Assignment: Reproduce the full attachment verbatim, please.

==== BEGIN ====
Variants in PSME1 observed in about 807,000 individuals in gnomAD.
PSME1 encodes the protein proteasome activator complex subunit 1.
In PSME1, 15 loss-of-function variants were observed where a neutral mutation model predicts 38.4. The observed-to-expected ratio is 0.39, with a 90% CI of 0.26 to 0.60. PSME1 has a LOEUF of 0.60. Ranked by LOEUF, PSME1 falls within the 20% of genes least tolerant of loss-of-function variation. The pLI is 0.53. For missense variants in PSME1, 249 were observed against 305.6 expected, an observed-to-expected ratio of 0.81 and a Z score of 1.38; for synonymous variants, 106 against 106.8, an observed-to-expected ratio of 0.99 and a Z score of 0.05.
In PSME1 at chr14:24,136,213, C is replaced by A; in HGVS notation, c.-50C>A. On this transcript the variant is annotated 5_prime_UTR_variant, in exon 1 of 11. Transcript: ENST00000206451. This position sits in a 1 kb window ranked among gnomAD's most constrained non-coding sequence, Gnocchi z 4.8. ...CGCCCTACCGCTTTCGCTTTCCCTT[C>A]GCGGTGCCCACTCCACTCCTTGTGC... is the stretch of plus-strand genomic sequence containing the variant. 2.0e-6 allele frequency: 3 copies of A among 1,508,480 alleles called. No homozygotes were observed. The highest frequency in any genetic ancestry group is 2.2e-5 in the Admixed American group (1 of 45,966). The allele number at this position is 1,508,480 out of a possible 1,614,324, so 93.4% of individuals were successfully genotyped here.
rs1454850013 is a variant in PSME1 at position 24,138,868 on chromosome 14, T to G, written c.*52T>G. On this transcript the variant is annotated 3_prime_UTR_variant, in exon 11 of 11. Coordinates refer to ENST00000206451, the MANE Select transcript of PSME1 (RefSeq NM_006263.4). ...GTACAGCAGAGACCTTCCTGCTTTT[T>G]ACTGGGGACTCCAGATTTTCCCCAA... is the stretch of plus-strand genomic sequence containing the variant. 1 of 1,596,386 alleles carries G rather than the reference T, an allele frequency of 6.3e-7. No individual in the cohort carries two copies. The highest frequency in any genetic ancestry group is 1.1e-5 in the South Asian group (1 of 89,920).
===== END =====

Variants in PSME1 observed in about 807,000 individuals in gnomAD.
PSME1 encodes the protein proteasome activator complex subunit 1.
In PSME1, 15 loss-of-function variants were observed where a neutral mutation model predicts 38.4. The observed-to-expected ratio is 0.39, with a 90% CI of 0.26 to 0.60. PSME1 has a LOEUF of 0.60. Ranked by LOEUF, PSME1 falls within the 20% of genes least tolerant of loss-of-function variation. The pLI is 0.53. For missense variants in PSME1, 249 were observed against 305.6 expected, an observed-to-expected ratio of 0.81 and a Z score of 1.38; for synonymous variants, 106 against 106.8, an observed-to-expected ratio of 0.99 and a Z score of 0.05.
In PSME1 at chr14:24,136,213, C is replaced by A; in HGVS notation, c.-50C>A. On this transcript the variant is annotated 5_prime_UTR_variant, in exon 1 of 11. Transcript: ENST00000206451. This position sits in a 1 kb window ranked among gnomAD's most constrained non-coding sequence, Gnocchi z 4.8. ...CGCCCTACCGCTTTCGCTTTCCCTT[C>A]GCGGTGCCCACTCCACTCCTTGTGC... is the stretch of plus-strand genomic sequence containing the variant. 2.0e-6 allele frequency: 3 copies of A among 1,508,480 alleles called. No homozygotes were observed. The highest frequency in any genetic ancestry group is 2.2e-5 in the Admixed American group (1 of 45,966). The allele number at this position is 1,508,480 out of a possible 1,614,324, so 93.4% of individuals were successfully genotyped here.
rs1454850013 is a variant in PSME1 at position 24,138,868 on chromosome 14, T to G, written c.*52T>G. On this transcript the variant is annotated 3_prime_UTR_variant, in exon 11 of 11. Coordinates refer to ENST00000206451, the MANE Select transcript of PSME1 (RefSeq NM_006263.4). ...GTACAGCAGAGACCTTCCTGCTTTT[T>G]ACTGGGGACTCCAGATTTTCCCCAA... is the stretch of plus-strand genomic sequence containing the variant. 1 of 1,596,386 alleles carries G rather than the reference T, an allele frequency of 6.3e-7. No individual in the cohort carries two copies. The highest frequency in any genetic ancestry group is 1.1e-5 in the South Asian group (1 of 89,920).